I stumbled into some violence the other night in Seattle, where I live. I wrote about it on my blog here: http://urbanadonia.blogspot.com/2012/02/send-congress-message.html

I was sitting at a bus shelter, two young black men came up, and someone in a passing car hurled a bottle at them. This neighborhood in Seattle, Rainier Beach, has seen a lot of violence/ muggings at transit stops or on transit itself recently. I'm doing ethnographic research on transportation beliefs in that neighborhood because I want to be able to show the local bike movement that marginalized communities don't see biking the same way that we bike advocates do. Seattle is pretty far along in the "green gentrification" process, with communities of color, immigrants, and the poor largely forced to the outskirts while the central city sees rising rents and new boutique bars every week. I'm using anthropology as a tool to make a connection between the well-meaning-but-way-out-of-touch sustainable transportation movements and the frightening everyday life of transportation on the edge of the city. It's part of my theoretical project to promote "human infrastructure" as a necessary component of livable cities.

Agreed. Absolutely.

Anthropologists are experts only in the communities they study.

That said, if a community has ongoing conflicts (as they often do,) and other mediators haven't put much of a dent in those conflicts (as they often don't,) then why not try letting anthropologists conduct some extended research on said community? Even if they don't handle the mediation themselves, their research might prove useful to the mediators.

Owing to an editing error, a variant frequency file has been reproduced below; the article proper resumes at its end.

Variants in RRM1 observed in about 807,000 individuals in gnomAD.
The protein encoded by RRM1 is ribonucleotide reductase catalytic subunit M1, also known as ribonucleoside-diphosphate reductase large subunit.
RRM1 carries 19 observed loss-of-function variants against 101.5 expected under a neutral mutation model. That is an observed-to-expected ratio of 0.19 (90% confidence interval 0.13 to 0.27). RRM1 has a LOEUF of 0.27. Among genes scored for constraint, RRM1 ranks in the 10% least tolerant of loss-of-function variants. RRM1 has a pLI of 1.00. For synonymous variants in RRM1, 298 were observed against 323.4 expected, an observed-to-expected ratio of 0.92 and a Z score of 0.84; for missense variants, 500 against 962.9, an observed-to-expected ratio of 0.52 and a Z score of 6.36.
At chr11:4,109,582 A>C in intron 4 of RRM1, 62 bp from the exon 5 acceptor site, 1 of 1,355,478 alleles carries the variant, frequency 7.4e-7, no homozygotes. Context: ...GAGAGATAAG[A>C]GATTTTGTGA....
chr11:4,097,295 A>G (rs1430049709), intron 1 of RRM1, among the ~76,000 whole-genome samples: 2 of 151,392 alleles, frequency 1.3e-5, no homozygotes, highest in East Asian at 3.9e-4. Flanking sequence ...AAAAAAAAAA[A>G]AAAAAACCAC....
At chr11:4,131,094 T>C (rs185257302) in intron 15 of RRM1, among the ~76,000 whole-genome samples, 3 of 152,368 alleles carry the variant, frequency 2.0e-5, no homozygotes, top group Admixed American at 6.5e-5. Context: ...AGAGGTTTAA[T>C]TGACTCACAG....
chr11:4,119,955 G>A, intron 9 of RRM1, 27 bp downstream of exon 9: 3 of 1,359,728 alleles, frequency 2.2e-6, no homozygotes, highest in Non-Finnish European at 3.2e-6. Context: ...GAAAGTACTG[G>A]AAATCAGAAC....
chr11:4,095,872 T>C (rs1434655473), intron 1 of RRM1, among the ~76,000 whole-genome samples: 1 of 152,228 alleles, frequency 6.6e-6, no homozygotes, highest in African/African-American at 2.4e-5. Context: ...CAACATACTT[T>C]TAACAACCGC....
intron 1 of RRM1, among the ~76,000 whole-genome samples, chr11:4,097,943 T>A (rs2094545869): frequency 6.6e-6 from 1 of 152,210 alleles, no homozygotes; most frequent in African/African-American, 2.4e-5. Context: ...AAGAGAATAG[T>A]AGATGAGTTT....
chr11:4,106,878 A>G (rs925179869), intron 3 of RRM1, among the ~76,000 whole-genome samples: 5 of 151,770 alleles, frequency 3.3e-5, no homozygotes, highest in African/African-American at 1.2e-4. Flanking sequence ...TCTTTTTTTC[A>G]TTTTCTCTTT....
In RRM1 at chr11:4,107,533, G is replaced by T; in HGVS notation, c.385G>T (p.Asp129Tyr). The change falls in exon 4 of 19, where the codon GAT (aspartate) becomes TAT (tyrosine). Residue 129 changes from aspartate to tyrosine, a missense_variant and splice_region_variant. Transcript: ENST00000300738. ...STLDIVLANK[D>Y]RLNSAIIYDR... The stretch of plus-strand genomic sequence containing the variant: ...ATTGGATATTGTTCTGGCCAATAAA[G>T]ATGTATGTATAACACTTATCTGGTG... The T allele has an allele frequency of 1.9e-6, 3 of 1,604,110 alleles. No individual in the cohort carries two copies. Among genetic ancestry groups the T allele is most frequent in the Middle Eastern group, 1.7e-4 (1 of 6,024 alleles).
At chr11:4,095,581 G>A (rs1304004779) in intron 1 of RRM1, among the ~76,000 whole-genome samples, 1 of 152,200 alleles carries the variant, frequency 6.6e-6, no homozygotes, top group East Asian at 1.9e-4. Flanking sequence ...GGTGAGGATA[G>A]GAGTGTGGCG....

--- Ashkuff | www.ashkuff.com | How to venture out of “armchair” scholarship and into action? One anthropologist tackles business, occultism and violence! He gets spooked and roughed up a lot.

John McCreery said:

That "in certain circumstances" is the vital bit. As an anthropologist who happens to have a deeper than most grasp of what is going on with both parties to a conflict, you might be more useful than someone trying to apply standard models from a conflict-resolution cookbook. Different quarrel, different place, you might be even more at sea. The treacherous assumption here is that anthropologists, qua anthropologists, are more likely to know what is going on. In my experience this is simply not true. We have no magic wands. We are not clairvoyant. We, too, will have to spend a lot of time listening and learning before we have anything useful to say. And a well-trained conflict-resolution negotiator may be better at it than we are if we enter a new situation as ignorant as anyone else.

Interesting blog post. But I wonder, as an anthropologist, exactly what do you could do to mediate this violence? Interesting how you noted that these "black teens" reflexively blamed "Asian gangsters," without even seeing their attackers faces. One interesting research question might include: will they take that anger home with them, and point it at other Asians?

Like, where I'm from, I might've felt tempted to blame "drunk frat boys" in much the same vein. And yeah, I might even feel tempted to turn some of that resent toward the next frat boy I met.